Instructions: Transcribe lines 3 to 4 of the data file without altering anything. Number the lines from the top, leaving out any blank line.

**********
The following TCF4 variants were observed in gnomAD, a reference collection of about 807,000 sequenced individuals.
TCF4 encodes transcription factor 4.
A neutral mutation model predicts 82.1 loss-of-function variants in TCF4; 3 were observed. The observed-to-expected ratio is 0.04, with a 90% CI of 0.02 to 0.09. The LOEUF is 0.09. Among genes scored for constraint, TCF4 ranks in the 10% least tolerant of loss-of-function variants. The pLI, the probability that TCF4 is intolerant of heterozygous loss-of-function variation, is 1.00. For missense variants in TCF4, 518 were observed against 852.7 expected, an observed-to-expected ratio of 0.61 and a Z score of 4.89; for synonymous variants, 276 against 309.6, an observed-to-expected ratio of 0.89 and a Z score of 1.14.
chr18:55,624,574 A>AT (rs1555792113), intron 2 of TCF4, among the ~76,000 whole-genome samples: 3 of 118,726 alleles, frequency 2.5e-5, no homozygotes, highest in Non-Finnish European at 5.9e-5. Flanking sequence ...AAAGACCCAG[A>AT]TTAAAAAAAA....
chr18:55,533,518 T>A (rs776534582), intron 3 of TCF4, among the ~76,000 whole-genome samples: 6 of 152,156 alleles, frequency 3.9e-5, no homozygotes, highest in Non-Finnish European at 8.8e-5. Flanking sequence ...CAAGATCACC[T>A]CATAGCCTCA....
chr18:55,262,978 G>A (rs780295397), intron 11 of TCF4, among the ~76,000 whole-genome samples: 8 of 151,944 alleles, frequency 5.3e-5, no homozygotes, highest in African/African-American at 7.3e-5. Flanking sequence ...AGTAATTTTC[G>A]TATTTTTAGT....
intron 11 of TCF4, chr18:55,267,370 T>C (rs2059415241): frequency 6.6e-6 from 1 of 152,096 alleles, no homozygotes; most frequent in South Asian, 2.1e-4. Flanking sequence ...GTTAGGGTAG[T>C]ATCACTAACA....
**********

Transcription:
A neutral mutation model predicts 82.1 loss-of-function variants in TCF4; 3 were observed. The observed-to-expected ratio is 0.04, with a 90% CI of 0.02 to 0.09. The LOEUF is 0.09. Among genes scored for constraint, TCF4 ranks in the 10% least tolerant of loss-of-function variants. The pLI, the probability that TCF4 is intolerant of heterozygous loss-of-function variation, is 1.00. For missense variants in TCF4, 518 were observed against 852.7 expected, an observed-to-expected ratio of 0.61 and a Z score of 4.89; for synonymous variants, 276 against 309.6, an observed-to-expected ratio of 0.89 and a Z score of 1.14.
chr18:55,624,574 A>AT (rs1555792113), intron 2 of TCF4, among the ~76,000 whole-genome samples: 3 of 118,726 alleles, frequency 2.5e-5, no homozygotes, highest in Non-Finnish European at 5.9e-5. Flanking sequence ...AAAGACCCAG[A>AT]TTAAAAAAAA....